Good, though incredibly creepy video game by Activision, produced with the help of William Colby of the CIA and Oleg Kalugin of the KGB, involving a terrorist who wants to pick off both the President of the Russian Republics and the POTUS. Rumored to have been based on a real-life training excercise, it debuted in 1996, got rave reviews, and promptly tanked -- a pity, since it also included interesting features such as an on-line component, image manipulation tools, and a game of Shanghai....

Or was it the Illuminati?

Adding to its numerous difficulties is its reliance on such time-specific technologies as early QuickTime (later versions don't register as such) and its relatively huge size: 3 CD's, which must be switched on a regular basis. On the plus side, the thrills are more psychological than say, Quake: often, you must make a moral decision such as "Should I torture the Korean mercenary, or abide by the Geneva Convention, considering the Agency is about to be investigated by Congress?" (You'll get input on both sides on this question.) Dying during a training excercise in "The Farm" is a real possibility...and unlike Quake, people will drop when you shoot them...in the right place. (I found myself humming the Rolling Stones "One Hit"...when I wasn't too petrified to move...)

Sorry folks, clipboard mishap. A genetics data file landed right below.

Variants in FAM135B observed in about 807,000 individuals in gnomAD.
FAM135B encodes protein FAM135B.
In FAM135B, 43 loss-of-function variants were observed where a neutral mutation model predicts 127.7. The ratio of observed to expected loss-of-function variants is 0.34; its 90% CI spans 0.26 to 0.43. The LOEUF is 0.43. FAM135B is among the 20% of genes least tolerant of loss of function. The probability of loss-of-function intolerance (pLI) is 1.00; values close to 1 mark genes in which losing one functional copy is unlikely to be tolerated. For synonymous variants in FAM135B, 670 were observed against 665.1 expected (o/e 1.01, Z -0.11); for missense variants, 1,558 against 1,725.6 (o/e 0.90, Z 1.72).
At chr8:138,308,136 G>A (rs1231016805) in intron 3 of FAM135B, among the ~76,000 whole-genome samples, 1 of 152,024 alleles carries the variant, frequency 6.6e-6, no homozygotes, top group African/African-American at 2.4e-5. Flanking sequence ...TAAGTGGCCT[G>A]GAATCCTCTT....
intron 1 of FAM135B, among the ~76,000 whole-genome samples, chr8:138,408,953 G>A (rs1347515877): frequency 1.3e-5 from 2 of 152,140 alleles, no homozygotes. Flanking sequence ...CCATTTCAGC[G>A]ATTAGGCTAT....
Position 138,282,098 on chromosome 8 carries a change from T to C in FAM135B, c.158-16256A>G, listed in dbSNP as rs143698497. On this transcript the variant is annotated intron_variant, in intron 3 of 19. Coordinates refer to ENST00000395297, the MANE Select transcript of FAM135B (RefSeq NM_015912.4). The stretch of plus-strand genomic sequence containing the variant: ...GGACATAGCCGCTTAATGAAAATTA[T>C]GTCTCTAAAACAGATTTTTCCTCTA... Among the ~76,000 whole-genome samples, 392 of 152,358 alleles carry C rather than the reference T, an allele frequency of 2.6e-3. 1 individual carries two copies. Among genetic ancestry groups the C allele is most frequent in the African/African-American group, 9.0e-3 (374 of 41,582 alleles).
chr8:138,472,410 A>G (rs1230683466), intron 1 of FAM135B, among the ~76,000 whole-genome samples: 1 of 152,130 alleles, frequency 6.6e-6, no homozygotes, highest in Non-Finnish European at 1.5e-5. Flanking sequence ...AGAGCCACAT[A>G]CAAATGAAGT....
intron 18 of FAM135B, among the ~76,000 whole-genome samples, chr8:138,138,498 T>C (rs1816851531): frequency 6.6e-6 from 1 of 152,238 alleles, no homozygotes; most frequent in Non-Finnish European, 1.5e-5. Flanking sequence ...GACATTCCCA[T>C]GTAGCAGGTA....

Some of the data seems horribly outdated, for instance, there's way too much exposition about the Russian Mafia, and cypherpunks will find the crypto section laughably ordinary. Still, it would be valuable if Activision were somehow ...persuaded...to reissue.

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